1) Prior to move, disable the cache, back up your database and pubic_html files and restore to new site.
2) Use phpMyAdmin or MySQL to set the following to your new domain, change https to http if you’re not sophisticated enough to set up a test secure server (not a bad idea to have this capability for preventing serving insecure content when you do template mods):
update core_config_data SET value = 'http://www.example.dev/' WHERE path LIKE 'web/unsecure/base_url';
update core_config_data SET value = 'https://www.example.dev/' WHERE path LIKE 'web/secure/base_url';
3) Change file permissions so Magento has a proper environment to start up in.
4) Finally, change settings in your app/etc/local.xml file so your database login credentials allow Magento to start.
It’s all pretty simple unless you’ve done weird things in your .htaccess, etc. Usually, people get antsy, stuff the database in, load public_html, start Magento and find it redirects to the old site.
The above order tends to prevent that because:
1) No cache being turned on means no old site configs get stuck in cache.
2) Changing the base_url settings before Magento can see the database means that Magento can’t run and store junk in the cache even if you forgot to disable it on the old site.
3) Having the file permissions set properly means that Magento doesn’t go off on a tangent and store its cache in system temp (/tmp) when it finds it can’t write to var/cache/* or var/tmp/*
4) Doing local.xml settings last finally allows Magento to start and any weirdness from this point on is truly weirdness that needs to be addressed, not some dumb config stuck in a dumb place where it refuses t go away.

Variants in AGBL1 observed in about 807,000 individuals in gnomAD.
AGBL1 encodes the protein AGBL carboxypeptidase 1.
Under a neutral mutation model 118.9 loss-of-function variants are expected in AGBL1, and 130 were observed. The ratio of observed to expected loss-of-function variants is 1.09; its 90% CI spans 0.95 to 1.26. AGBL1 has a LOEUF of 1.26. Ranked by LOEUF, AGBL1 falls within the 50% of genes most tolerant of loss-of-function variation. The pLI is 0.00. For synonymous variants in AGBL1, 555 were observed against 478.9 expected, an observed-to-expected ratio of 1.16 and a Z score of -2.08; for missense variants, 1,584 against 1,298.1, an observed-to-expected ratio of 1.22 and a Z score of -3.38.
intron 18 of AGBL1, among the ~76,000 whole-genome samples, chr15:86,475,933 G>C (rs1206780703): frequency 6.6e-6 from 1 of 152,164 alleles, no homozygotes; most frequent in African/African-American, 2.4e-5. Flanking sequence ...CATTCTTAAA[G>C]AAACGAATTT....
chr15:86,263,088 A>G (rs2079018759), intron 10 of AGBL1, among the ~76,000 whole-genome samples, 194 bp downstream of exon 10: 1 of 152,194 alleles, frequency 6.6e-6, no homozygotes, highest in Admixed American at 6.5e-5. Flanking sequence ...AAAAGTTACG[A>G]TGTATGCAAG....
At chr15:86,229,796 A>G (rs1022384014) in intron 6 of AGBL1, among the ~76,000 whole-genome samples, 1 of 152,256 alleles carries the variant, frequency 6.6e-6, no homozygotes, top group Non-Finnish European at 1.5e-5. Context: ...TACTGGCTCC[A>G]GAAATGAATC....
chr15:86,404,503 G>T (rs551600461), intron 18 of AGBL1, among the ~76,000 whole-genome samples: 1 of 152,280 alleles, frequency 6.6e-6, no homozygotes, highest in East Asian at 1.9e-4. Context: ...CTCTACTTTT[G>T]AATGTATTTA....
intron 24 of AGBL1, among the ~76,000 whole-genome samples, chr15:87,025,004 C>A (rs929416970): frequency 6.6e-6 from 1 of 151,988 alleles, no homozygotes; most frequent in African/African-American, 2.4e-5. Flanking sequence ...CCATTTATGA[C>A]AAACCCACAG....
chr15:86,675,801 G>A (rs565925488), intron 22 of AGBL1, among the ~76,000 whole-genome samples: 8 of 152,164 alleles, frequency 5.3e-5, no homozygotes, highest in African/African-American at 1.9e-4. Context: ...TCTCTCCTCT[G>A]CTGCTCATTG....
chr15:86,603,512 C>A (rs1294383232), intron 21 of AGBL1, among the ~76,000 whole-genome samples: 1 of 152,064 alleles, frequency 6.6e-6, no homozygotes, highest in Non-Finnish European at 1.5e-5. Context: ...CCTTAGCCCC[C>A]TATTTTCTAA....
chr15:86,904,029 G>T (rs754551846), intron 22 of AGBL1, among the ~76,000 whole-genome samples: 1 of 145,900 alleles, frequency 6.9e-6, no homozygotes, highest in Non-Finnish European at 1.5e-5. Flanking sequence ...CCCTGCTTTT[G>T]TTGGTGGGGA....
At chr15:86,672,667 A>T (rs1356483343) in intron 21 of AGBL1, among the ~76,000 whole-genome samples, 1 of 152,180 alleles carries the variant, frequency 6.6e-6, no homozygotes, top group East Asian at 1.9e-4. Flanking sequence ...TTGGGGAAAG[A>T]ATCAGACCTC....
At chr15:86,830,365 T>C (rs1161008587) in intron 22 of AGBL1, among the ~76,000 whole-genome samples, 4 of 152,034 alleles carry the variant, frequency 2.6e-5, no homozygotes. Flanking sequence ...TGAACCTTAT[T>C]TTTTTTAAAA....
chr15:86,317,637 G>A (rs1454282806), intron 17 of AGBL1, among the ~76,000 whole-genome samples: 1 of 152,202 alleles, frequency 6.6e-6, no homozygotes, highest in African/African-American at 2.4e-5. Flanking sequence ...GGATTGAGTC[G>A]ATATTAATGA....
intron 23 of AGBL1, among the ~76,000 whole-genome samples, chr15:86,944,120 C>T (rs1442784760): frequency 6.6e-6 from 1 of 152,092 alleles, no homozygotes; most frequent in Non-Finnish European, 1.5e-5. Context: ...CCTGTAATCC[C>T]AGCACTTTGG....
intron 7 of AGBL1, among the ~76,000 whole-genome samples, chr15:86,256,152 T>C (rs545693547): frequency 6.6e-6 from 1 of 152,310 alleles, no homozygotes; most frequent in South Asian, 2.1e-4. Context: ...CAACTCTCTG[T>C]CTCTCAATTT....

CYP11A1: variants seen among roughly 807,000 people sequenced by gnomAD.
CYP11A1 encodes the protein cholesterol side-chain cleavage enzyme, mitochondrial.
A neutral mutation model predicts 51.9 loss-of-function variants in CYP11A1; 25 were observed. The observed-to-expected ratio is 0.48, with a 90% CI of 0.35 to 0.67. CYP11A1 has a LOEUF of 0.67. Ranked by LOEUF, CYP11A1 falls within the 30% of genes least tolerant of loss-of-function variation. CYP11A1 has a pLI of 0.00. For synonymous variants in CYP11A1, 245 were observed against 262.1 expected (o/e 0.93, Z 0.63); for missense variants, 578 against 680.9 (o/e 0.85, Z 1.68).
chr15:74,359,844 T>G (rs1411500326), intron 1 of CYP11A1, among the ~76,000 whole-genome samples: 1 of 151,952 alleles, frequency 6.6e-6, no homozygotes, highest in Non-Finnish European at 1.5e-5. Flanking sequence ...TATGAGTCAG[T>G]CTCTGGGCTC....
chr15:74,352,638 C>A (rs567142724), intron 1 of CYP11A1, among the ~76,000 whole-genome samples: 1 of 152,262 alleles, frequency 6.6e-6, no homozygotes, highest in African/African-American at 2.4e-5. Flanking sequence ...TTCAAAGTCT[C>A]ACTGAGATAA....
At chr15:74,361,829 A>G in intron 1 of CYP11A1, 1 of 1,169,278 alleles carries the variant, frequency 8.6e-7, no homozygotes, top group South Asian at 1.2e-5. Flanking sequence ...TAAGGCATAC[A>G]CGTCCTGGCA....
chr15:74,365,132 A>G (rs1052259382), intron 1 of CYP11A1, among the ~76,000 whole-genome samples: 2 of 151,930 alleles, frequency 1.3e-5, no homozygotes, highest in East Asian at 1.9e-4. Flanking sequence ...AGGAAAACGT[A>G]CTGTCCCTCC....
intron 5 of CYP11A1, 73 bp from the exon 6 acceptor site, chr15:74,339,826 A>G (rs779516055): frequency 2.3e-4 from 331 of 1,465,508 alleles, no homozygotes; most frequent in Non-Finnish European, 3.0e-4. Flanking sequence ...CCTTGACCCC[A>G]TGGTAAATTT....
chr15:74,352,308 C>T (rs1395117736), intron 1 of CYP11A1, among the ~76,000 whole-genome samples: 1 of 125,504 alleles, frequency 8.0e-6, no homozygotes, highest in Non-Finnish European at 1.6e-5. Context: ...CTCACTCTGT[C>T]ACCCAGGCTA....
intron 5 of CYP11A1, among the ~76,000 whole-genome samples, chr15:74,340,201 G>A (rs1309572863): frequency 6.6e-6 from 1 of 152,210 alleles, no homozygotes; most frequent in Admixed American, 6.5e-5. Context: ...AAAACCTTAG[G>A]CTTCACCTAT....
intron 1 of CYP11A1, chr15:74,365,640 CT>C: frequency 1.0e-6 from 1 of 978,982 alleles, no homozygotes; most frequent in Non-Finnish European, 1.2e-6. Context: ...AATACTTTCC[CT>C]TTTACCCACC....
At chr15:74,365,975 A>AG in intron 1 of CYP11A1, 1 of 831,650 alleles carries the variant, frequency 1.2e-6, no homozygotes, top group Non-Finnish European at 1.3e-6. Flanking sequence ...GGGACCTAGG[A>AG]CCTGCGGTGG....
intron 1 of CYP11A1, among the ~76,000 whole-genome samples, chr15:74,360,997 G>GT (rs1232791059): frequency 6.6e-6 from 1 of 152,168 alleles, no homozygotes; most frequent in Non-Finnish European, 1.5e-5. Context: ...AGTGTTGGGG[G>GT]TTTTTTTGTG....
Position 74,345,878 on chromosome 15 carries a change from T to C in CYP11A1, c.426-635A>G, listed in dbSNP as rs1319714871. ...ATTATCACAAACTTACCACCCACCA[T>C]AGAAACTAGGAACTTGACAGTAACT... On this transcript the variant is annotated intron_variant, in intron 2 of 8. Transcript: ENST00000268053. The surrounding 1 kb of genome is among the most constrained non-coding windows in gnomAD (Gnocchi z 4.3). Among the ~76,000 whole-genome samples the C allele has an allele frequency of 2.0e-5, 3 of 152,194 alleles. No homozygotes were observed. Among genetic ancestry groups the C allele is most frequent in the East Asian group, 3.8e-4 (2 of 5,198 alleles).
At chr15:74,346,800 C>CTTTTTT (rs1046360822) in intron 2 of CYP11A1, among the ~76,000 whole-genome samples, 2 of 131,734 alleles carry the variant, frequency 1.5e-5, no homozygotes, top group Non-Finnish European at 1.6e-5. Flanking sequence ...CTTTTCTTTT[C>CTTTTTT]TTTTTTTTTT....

After the fact removal of unwanted site redirection: (yep, you didn’t follow the above order and it just won’t move to the new site!)
1) Turn off the Magento cache (use phpmyadmin to open core_cache_option table and set all values to 0)
2) Set proper file and directory permissions on your Magento installation
3) Manually clear cache by deleting all the subfolders in var/cache/.
If var/tmp and var/cache permissions are messed up and Magento can’t write there, Magento will write to the system /tmp folder and you will get stuck as this is where Magento will more or less permanently store your cache till the server gets rebooted. Your website will still redirect to the old site because the core_config_data settings are cached in this bogus caching until you are able to force it to re-read the table.
1) core_cache_option table contents,
2 & 3) File listings of Magento Cache storage forced to be in system cache (/tmp) because Magento file and folder permissions (especially var/*) weren’t set correctly on a Magento move.